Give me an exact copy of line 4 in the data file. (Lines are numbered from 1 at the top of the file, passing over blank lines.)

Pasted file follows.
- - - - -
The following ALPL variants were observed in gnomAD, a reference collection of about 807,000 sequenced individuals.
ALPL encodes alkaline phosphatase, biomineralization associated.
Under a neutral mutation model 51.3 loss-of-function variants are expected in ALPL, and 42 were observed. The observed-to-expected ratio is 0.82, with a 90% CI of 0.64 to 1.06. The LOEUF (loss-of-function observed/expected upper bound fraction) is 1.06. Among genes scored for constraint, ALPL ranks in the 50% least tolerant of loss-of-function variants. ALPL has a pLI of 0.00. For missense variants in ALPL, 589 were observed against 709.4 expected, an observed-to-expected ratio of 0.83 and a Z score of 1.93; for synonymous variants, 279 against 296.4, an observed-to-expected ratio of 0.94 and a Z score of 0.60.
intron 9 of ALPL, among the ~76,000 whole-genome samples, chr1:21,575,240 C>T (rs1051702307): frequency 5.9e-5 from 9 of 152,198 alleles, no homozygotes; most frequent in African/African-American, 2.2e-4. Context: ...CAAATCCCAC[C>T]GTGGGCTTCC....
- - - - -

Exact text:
intron 9 of ALPL, among the ~76,000 whole-genome samples, chr1:21,575,240 C>T (rs1051702307): frequency 5.9e-5 from 9 of 152,198 alleles, no homozygotes; most frequent in African/African-American, 2.2e-4. Context: ...CAAATCCCAC[C>T]GTGGGCTTCC....